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Cinematic realism, reflexivity and the American ‘Madame Butterfly’ narratives


This article focuses on two cinematic versions of the ‘Madame Butterfly’ tale. Produced near the beginning of the sound era, the 1932 Madame Butterfly struggles to co-opt Puccini's opera and thereby create a fully cinematic Butterfly. My Geisha, created three decades later, aspires to subvert Orientalist representation by reflecting back upon Puccini's and Hollywood's Butterflies with hip sophistication. Both films work simultaneously with and against the Butterfly canon in intriguing ways and both are shaped by prevailing American perceptions of race and gender. In investigating the relationship between these films and Puccini's opera, I raise broader issues of comparative genre analysis, focusing particularly on exotic representation on stage and screen. Does film, in its bid to project exotic realism in both sound and image, succeed in surpassing the experience of staged Orientalist opera?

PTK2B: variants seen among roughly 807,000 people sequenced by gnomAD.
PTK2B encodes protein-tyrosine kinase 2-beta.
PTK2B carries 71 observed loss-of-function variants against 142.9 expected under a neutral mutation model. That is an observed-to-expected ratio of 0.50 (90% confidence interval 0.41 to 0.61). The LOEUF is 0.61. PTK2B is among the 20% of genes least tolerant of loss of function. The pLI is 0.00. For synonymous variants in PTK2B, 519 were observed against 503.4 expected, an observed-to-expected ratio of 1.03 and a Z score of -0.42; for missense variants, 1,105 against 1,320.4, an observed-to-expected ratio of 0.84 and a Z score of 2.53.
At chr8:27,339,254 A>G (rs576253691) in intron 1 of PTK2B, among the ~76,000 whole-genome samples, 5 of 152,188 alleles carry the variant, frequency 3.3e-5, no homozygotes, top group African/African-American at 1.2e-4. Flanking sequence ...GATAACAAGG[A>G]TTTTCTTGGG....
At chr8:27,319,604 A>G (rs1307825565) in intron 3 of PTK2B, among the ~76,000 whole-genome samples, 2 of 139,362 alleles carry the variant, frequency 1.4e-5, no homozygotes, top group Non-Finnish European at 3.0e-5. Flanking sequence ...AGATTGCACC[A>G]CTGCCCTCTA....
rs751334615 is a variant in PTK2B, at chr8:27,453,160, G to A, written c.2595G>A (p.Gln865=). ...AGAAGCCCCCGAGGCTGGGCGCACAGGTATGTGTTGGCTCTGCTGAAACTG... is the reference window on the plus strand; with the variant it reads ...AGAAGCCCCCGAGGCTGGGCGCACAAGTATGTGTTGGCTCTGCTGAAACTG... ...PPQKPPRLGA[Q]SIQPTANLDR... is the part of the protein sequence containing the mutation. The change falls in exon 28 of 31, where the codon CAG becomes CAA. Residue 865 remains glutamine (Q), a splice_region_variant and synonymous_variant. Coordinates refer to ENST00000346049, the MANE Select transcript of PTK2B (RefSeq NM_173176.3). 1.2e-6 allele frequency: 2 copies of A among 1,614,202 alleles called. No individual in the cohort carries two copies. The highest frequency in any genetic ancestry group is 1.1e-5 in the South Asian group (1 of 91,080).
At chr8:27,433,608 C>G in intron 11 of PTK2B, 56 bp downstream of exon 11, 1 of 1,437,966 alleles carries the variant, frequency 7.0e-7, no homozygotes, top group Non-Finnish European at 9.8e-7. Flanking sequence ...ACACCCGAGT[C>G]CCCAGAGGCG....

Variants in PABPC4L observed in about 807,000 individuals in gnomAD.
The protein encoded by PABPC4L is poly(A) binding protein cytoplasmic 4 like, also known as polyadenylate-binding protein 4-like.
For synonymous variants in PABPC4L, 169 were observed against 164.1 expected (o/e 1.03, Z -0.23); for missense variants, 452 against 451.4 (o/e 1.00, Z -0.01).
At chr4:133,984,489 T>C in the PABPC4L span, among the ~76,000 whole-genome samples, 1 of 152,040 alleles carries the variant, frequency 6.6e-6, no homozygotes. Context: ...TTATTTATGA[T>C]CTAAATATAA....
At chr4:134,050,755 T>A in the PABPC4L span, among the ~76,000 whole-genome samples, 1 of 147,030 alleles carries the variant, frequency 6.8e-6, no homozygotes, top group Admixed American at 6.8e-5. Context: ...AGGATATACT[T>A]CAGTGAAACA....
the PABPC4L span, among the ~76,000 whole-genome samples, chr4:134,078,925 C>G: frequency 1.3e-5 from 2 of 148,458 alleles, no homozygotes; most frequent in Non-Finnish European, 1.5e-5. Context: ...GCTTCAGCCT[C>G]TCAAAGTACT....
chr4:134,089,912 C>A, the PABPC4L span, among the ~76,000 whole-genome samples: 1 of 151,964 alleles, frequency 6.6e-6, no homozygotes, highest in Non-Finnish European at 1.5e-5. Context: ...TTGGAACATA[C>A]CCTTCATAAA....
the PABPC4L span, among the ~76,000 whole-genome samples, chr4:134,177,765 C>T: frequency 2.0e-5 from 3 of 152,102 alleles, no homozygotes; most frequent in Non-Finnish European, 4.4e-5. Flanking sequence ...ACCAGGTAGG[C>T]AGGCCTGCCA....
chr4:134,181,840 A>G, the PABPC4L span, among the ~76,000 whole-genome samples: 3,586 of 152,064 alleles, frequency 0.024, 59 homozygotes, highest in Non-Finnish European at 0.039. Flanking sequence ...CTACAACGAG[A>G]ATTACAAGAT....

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Preliminary versions of this article were delivered at the University of California at Berkeley in March 2001, the American Music Research Center in August 2001, and the Oakley Center for the Humanities and Social Sciences at Williams College in October 2003. I am grateful for comments made by participants at each of these events and for the expert editorial work of Emanuele Senici and Mary Ann Smart.
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Cambridge Opera Journal
  • ISSN: 0954-5867
  • EISSN: 1474-0621
  • URL: /core/journals/cambridge-opera-journal
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